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To Sow the Wind: An Argument Against the War on Terror and Other Bad Ideas by Rev. Dr. Widdicombe (video)

Just War theory has received a lot of attention in recent times but the results have been mixed. It is no longer a tradition of thought designed to place strict restraints upon the use of force in the necessary use of force in restraint of evil. Under the pressure of humanitarian interventionism, theories that democracies do not fight wars against each other, American (and Western) exceptionalism, supposed states of emergency, and other ideological adventures upon the turbulent seas of the international order, the tradition has lost its profound Augustinian political skepticism and moral realism. This lecture asks whether the restraint of force wasn’t always a better (foundational) idea than the pursuit of justice in the just war tradition, a tradition that once thought war tragically endemic and sometimes justified, but never simply unambiguously just.

Rev. Dr. Widdicombe is the Rector of Saint Margaret’s Anglican Church in Winnipeg, MB.

Recorded February 26, 2015.

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Upcoming lecture to explore and critique modern interpretations of just war theory

Rev. Dr. David Widdicombe to speak at Canadian Mennonite University

An Anglican priest will explore just war theory in an upcoming lecture at Canadian Mennonite University.

Rev. Dr. David Widdicombe, Rector of Saint Margaret’s Anglican Church in Winnipeg, will give a presentation titled, “To Sow the Wind: An Argument Against the War on Terror and Other Bad Ideas,” at 7:00 PM on Thursday, February 26 in Marpeck Commons (2299 Grant Ave.).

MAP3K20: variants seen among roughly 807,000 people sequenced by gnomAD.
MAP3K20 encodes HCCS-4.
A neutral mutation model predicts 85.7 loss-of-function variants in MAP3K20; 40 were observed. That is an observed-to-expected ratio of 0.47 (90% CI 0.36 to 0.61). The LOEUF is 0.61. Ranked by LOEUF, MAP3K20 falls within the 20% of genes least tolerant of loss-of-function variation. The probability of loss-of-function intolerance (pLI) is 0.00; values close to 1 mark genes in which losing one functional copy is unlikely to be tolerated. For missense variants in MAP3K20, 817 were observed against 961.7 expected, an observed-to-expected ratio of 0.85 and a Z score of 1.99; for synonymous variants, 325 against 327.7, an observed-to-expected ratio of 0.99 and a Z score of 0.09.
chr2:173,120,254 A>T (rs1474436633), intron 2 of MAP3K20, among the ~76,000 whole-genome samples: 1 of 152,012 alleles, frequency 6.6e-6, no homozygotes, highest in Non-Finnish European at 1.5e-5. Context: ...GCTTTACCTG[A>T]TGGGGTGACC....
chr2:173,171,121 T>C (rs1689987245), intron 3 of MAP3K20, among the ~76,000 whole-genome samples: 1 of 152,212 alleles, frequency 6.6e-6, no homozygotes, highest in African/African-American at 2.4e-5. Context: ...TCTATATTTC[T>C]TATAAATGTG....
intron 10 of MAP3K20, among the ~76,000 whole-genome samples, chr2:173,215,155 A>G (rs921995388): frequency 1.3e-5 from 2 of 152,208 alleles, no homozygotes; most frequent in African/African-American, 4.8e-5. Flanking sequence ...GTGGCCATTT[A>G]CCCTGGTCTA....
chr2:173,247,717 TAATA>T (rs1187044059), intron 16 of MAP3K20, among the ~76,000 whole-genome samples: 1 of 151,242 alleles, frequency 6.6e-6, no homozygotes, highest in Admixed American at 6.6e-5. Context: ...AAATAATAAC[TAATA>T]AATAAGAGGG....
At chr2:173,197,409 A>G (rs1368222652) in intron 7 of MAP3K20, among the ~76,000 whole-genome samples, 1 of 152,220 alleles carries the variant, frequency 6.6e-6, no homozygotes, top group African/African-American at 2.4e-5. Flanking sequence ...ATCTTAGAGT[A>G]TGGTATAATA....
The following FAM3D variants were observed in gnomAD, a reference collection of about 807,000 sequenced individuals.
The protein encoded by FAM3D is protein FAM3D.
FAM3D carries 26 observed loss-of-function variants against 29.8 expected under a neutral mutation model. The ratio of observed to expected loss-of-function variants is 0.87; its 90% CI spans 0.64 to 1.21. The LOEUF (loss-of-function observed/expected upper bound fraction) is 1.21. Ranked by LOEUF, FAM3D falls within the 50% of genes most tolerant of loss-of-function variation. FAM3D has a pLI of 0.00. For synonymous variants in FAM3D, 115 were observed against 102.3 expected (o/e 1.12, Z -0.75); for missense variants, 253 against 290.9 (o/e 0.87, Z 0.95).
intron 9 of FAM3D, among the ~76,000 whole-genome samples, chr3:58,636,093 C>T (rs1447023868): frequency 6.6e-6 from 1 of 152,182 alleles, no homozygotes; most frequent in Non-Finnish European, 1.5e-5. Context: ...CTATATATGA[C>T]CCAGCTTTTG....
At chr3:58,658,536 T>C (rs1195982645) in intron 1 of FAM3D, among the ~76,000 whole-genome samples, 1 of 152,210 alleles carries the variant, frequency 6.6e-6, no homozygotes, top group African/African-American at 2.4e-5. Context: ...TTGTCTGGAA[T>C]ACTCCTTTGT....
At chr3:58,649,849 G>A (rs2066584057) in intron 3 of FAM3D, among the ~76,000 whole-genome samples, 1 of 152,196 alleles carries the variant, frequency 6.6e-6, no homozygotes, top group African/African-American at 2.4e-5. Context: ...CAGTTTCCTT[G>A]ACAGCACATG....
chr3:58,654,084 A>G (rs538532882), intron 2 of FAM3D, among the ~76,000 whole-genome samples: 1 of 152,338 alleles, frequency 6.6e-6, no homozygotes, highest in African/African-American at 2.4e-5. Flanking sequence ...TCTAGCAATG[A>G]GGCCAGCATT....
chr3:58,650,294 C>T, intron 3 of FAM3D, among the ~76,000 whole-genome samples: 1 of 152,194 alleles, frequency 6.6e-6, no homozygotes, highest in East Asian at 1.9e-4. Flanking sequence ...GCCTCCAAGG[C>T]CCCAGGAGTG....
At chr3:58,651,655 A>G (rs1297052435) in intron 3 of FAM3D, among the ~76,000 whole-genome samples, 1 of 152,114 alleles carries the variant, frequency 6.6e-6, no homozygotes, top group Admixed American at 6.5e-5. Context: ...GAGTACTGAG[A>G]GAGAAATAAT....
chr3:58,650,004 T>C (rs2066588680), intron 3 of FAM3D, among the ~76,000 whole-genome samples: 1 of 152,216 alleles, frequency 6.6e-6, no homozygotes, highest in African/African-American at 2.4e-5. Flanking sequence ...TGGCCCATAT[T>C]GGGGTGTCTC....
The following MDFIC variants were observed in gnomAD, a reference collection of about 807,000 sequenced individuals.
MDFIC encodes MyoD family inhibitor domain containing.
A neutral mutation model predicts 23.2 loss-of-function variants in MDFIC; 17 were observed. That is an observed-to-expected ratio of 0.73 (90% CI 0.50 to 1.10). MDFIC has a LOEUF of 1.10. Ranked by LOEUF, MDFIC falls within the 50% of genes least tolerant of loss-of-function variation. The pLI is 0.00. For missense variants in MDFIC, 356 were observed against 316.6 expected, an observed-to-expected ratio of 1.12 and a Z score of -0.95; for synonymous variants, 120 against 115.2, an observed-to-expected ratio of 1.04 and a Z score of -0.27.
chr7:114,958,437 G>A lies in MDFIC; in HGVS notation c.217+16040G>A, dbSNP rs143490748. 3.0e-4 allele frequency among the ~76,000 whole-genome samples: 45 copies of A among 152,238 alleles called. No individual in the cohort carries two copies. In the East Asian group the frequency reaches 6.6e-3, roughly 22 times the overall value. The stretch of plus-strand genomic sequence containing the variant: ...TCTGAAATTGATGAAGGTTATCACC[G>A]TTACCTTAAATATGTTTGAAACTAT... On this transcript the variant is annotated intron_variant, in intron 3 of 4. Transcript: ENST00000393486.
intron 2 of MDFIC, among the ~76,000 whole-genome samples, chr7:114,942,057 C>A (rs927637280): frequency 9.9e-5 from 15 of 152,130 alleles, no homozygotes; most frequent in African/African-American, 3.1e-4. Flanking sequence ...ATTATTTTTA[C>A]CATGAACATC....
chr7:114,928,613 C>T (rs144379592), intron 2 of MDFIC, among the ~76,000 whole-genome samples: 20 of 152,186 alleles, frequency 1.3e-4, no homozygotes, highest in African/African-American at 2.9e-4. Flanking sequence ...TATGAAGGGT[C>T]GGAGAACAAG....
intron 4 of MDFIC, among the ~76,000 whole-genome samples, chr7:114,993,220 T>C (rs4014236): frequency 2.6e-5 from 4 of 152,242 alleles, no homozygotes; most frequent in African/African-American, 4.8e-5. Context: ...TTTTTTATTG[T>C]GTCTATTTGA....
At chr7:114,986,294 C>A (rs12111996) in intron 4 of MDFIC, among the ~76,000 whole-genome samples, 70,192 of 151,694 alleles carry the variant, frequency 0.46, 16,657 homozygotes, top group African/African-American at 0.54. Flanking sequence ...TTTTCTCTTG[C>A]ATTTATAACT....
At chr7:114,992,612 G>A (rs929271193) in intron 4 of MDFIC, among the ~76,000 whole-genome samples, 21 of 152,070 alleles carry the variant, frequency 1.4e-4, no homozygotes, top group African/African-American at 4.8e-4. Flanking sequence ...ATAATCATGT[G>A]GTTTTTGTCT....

To Sow The Wind PosterPresented by CMU’s Biblical and Theological Studies Department, the lecture will explore a particular way of looking at war—specifically, the war on terror.

“What I hope people go away with is additional intellectual resources for thinking about what the government ought to do in the circumstances we presently find ourselves in,” Widdicombe says. “I’m not suggesting that I have the answers, but what I’m suggesting is that we need to be thoughtful about the kinds of questions we’re asking.”

Widdicombe says that just war theory has received a lot of attention in recent times, but the results have been mixed. It is no longer a tradition of thought designed to outline how force is to be used in the restraint of evil.

Instead, under the pressure of a variety of factors including humanitarian interventionism, theories that democracies do not fight wars against each other, Western exceptionalism, and supposed states of emergency, the tradition has lost its profound Augustinian political scepticism and moral realism.

Widdicombe’s lecture will ask whether the restraint of force wasn’t always a better, foundational idea than the pursuit of justice in the just war tradition—a tradition that once thought of war as tragically endemic and sometimes justified, but never simply unambiguously just.

“Behind all this is my assumption that Christians, whether pacifist or not, have a stake in governments getting this right rather than getting this wrong,” Widdicombe says.

Dr. Karl Koop, Professor of History and Theology, and Coordinator of CMU’s Biblical and Theological Studies Program, invited Widdicombe to present the lecture after hearing him speak about just war theory this past summer.

“Christian pacifists sometimes place Christians, who are not pacifist, into a just war theory box and then assume that their position may not be sound, nor well thought through, nor theologically tenable,” Koop says. “Dr. Widdicombe’s position is of a different sort. He is seeking to be a faithful Christian and recognizes the complexities of conflict. While not holding a pacifist position, he is not enamoured with just war reasoning either, at least not the way in which it is applied in the contemporary context.”

Koop adds that he is looking forward to hearing what Widdicombe has to say at CMU, a university that lists “Educating for Peace and Justice” as one of its four core commitments.

“We may differ with Dr. Widdicombe’s point of view, but he is the kind of conversation partner that we need beside us as we together think through what it means to be faithful in a year of war and conflict—and 100 years after the big war that was supposed to end all wars,” Koop says.